About 5-6 weeks after pollination is a good time to evaluate corn hybrids for resistance to leaf disease. This Corn Journal blog from 2017 discusses some of the dynamics in resistance to leaf diseases.
Leaf epidermal cell’s walls and the waxy leaf surface provide the first line of defense against microbes. Pathogens adapted to overcoming this defense set off the next defense system after penetrating the leaf. This is initiated by the plant detecting the presence of the intruder. Plant cells nearby detect the presence of a protein exuded by the pathogen. Such proteins are called effectors, as they are detected chemically by host cells near the invader. Upon detection, these adjacent host cells produce potential microbe-inhibiting compounds such as reactive oxygen, nitric oxide, specific enzymes, salicylic acid and other hormones to effectively thwart the pathogen growth. Much initial reaction is limited to host cells adjacent to the infection site.
Resistance to corn leaf pathogens such as Exserohilum turcicum, cause of northern leaf blight, Cercospora zeae-maydis (gray leaf spot) and Bipolaris maydis (southern corn leaf blight)
Involve detection of that specific pathogen and production of more general antimicrobial products in the immediate area of the pathogen. These two steps are inherited independently. Perhaps the pathogen detection system is more specific to the pathogen, accounting for a corn variety being more resistant to one pathogen than another. On the other hand, I am suspicious that if two pathogens arrive in the same area of the plant, only one will survive, as if the plant reacts to the first one by producing general resistance compound that inhibit the infection by the second one to arrive in the same area.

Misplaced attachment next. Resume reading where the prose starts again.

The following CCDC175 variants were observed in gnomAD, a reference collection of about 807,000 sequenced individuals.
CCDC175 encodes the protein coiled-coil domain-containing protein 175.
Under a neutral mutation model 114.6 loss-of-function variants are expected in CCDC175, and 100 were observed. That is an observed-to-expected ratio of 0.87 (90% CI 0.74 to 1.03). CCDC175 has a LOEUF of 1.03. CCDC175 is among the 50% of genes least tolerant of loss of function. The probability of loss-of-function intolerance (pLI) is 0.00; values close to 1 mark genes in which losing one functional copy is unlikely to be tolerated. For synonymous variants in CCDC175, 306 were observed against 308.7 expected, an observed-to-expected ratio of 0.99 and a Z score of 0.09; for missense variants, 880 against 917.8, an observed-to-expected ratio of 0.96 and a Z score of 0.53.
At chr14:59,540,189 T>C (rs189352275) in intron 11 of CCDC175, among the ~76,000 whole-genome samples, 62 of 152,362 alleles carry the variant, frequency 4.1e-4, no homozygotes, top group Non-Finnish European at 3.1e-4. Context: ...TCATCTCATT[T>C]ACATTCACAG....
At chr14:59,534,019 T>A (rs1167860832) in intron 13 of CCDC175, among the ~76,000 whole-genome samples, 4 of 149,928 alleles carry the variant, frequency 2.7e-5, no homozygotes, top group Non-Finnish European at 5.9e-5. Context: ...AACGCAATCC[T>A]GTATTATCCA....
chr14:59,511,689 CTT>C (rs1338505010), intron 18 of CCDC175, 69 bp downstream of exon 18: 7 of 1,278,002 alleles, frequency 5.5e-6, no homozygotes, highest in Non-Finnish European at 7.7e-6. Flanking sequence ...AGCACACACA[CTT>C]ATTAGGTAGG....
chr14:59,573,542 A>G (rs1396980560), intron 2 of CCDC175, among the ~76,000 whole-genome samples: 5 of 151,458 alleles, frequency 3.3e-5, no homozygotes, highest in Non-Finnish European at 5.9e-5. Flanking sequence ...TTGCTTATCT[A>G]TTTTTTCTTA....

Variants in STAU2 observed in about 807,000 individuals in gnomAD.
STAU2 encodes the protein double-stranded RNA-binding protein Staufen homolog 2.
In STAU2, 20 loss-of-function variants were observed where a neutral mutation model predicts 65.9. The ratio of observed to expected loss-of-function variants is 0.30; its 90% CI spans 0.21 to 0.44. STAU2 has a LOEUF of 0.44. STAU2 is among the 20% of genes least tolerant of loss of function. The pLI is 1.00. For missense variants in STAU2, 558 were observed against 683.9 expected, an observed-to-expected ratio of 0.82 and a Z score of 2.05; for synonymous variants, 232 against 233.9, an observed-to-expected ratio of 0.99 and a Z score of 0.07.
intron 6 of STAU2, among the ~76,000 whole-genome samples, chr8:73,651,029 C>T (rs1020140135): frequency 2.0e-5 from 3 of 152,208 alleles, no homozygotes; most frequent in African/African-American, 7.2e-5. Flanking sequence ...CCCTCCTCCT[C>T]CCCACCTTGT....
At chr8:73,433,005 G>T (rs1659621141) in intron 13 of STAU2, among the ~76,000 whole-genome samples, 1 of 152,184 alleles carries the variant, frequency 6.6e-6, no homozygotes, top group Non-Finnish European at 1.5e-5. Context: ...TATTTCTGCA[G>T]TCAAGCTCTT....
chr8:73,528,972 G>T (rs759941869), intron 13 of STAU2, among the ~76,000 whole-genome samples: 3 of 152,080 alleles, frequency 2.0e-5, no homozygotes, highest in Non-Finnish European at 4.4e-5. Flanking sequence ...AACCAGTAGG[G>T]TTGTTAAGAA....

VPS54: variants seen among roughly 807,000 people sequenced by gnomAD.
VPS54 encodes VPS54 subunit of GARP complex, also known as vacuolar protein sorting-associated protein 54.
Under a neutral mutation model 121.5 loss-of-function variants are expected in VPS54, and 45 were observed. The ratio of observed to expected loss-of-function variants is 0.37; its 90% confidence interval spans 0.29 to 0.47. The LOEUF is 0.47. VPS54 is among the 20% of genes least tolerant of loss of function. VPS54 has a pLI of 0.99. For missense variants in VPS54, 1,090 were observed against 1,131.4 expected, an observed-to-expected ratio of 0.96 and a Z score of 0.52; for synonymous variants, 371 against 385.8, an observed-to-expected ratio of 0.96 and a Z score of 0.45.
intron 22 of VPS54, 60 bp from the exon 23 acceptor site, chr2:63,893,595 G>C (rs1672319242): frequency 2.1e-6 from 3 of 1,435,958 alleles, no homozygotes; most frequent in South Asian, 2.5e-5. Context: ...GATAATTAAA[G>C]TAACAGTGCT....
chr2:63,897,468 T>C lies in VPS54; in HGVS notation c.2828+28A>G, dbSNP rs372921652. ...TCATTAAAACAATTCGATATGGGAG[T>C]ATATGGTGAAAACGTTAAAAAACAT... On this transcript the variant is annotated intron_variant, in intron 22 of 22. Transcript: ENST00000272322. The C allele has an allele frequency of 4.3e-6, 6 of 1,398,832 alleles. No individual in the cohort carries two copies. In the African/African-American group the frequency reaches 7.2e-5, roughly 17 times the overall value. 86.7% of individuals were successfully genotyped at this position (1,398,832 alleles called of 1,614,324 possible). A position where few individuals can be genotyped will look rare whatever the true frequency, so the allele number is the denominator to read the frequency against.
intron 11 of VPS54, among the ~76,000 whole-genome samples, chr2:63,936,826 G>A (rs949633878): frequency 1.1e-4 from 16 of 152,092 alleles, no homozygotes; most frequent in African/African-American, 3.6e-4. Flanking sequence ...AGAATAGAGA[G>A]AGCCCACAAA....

The system described above is referred to as general or horizontal resistance. It is controlled by 3-5 genes for products to detect and reduce spread of the pathogen. Horizontal resistance is expressed in corn plants by fewer leaf disease lesions. Evaluation of varieties for this type of lesion has some ambiguity however, because the number of lesions or amount of leaf damage is also affected by the intensity of disease pressure. Heavily diseased leaves from the previous season in fields of low tillage, with frequent early season rain can result in more leaf lesions in a variety of good general resistance to a pathogen than will occur in one of poor resistance with little disease pressure.
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The purpose of this blog is to share perspectives of the biology of corn, its seed and diseases in a mix of technical and not so technical terms with all who are interested in this major crop. With more technical references to any of the topics easily available on the web with a search of key words, the blog will rarely cite references but will attempt to be accurate. Comments are welcome but will be screened before publishing. Comments and questions directed to the author by emails are encouraged.